Home Life-Premium Everyday Should Be Kidnapping Awareness Day

Everyday Should Be Kidnapping Awareness Day

I shall never forget when  my youngest child, two years old, came up missing  for a a couple of hours  which seemed like an eternity on Easter morning in  1978. As a mother I was frantic, called the police, had the neighbors out searching, dragging the lily pond,  only to find him hiding asleep behind a door.   Hopefully we both learned our lessons that day which is to say we cannot watch our children close enough because we never know when there might be a kidnapper hiding around the corner or even out in public waiting to snatch a child.

I have a friend whose daughter was kidnapped right out of their home after the family went to sleep.  Fortunately she was found the same day.. 

According to a recent study every 40 seconds a child goes missing somewhere in the United States. There are more than 460,000 missing children each year. Of those missing children, almost 1,500 of them are kidnapped.

 I recently heard on the evening news  of two young children, from different families, who were separated from their parents, while out in public, and found within hours  by total strangers who helped them to be reunited with their parents which leads me to tell  a story of a young girl who wasn’t found for eighteen years.

Jaycee Lee Dugard, a kidnap victim, author of two books,  had her  second one released on July twelfth, two thousand sixteen.  Interviewed by Diane Sawyer, she said “there is life after something tragic happens.  Life doesn’t have to end if you don’t want it to.  It’s all in how you look at it.  Somehow, I still believe that we each hold the  key to our own happiness and you have to grab it where you can in whatever form it might take.”

Jaycee was snatched  in 1991 when she was eleven years old while waiting for her school bus with her stepfather in full view but out of reach.

She was  held captive in  their backyard for  eighteen years before she was discovered on August 26, 2009. She gave birth to two daughters by the time she was in her early teens.  With only a fifth grade education she home schooled her little girls who are now in college.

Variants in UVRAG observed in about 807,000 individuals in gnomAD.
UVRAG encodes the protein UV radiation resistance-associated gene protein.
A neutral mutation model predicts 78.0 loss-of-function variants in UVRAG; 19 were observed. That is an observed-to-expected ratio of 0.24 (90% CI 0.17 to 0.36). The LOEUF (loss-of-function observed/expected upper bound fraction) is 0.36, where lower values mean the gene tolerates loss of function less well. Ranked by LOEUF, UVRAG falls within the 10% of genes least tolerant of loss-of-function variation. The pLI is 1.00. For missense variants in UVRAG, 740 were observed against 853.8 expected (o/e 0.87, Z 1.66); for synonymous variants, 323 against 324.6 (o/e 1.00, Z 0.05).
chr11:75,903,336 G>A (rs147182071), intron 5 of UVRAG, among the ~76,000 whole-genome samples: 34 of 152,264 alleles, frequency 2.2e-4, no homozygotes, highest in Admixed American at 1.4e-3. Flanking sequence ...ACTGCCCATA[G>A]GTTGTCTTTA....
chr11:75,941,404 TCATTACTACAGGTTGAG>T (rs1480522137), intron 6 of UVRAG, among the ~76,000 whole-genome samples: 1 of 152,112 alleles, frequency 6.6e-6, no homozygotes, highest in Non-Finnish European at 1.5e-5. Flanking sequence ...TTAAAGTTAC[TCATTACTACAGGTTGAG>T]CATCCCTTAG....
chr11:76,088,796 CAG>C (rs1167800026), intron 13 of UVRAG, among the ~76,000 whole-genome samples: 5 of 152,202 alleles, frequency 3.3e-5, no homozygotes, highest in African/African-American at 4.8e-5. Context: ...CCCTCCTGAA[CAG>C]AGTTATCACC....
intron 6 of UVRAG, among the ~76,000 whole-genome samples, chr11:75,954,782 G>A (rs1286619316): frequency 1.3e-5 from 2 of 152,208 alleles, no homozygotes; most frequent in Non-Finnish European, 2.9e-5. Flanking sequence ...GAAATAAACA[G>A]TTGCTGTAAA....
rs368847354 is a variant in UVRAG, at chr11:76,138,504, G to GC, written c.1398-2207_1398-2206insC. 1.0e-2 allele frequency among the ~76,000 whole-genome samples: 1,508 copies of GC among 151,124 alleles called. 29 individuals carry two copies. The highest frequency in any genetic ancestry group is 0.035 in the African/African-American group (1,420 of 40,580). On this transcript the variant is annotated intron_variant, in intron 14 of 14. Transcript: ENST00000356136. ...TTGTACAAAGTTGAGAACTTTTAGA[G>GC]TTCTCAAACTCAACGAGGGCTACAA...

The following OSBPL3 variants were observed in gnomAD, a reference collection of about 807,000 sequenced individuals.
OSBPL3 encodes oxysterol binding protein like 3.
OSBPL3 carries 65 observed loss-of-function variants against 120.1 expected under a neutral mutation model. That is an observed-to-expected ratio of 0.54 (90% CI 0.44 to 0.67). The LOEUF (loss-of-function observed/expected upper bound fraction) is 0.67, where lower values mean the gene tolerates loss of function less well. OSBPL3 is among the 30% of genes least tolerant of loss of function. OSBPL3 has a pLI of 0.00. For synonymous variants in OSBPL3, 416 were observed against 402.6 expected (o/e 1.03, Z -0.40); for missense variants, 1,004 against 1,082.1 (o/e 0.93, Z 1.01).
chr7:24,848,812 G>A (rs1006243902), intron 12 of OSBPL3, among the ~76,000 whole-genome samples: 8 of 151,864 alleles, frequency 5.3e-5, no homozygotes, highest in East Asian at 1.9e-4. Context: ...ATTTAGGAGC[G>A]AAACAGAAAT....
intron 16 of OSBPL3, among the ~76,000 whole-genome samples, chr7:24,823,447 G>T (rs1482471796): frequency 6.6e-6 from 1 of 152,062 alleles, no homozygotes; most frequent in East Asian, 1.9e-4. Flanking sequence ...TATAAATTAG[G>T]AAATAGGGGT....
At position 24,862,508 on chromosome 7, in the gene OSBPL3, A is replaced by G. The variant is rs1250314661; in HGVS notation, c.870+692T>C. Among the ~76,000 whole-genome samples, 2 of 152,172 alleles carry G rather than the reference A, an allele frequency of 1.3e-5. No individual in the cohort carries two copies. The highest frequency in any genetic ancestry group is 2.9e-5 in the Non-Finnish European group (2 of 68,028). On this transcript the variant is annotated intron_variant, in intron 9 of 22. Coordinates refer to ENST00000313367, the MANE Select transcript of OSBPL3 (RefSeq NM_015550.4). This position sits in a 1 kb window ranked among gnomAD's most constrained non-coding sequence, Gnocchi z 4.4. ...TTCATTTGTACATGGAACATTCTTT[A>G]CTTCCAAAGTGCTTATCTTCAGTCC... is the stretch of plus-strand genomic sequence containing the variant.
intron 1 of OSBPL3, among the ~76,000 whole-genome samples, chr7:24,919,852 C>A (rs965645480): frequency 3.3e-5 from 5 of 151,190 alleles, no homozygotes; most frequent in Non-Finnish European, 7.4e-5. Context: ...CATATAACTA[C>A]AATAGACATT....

In addition to writing two books, there was also a  television movie made of her life.

She is a survivor of the highest order which shows the strength of the human spirit but not many stories end this way!

When asked by Diane Sawyer, in her first television interview, why she had such a nice complexion she quipped “I didn’t get out in the sun very much.”

Having grown up in an orphanage I too, have my story and I endeavor to make the public aware of what often goes on behind closed doors so we won’t blindly support lost causes.

I  speak for those who have no voice?

As an activist I’ve used my writing to cope and  to somehow make a difference in other people’s lives.  I know that Jaycee is trying to do the same thing by sharing her story.

It’s not what happens to us but how we grab hold of it and work it into the fabric of our lives.

We each have a story — we have burdens that we may be afraid to share but it is only when we begin our journey of openness one day at a time — timid — frightened — scared — that we remove the shutters that hide our fears and we are able to embrace each other.

One way of sharing  is by writing.  I dare you, the reader, to pick up your pen and write your story.

The famous motivational speaker, Anthony Robbins, said “a life worth living is worth recording.”

Stories make a difference.  They help us connect to each other as well as leaving a legacy for our families.

From the richest to the poorest, to those in-between,  our emotions are our common bond and our stories help each other survive because there is therapy in writing.

Just as there are no two snow flakes alike, there will never be another you.

Share your story for victims who can’t be heard!

A childhood is too precious to be stolen!

Contact Sarah at sarahp9957@aol.com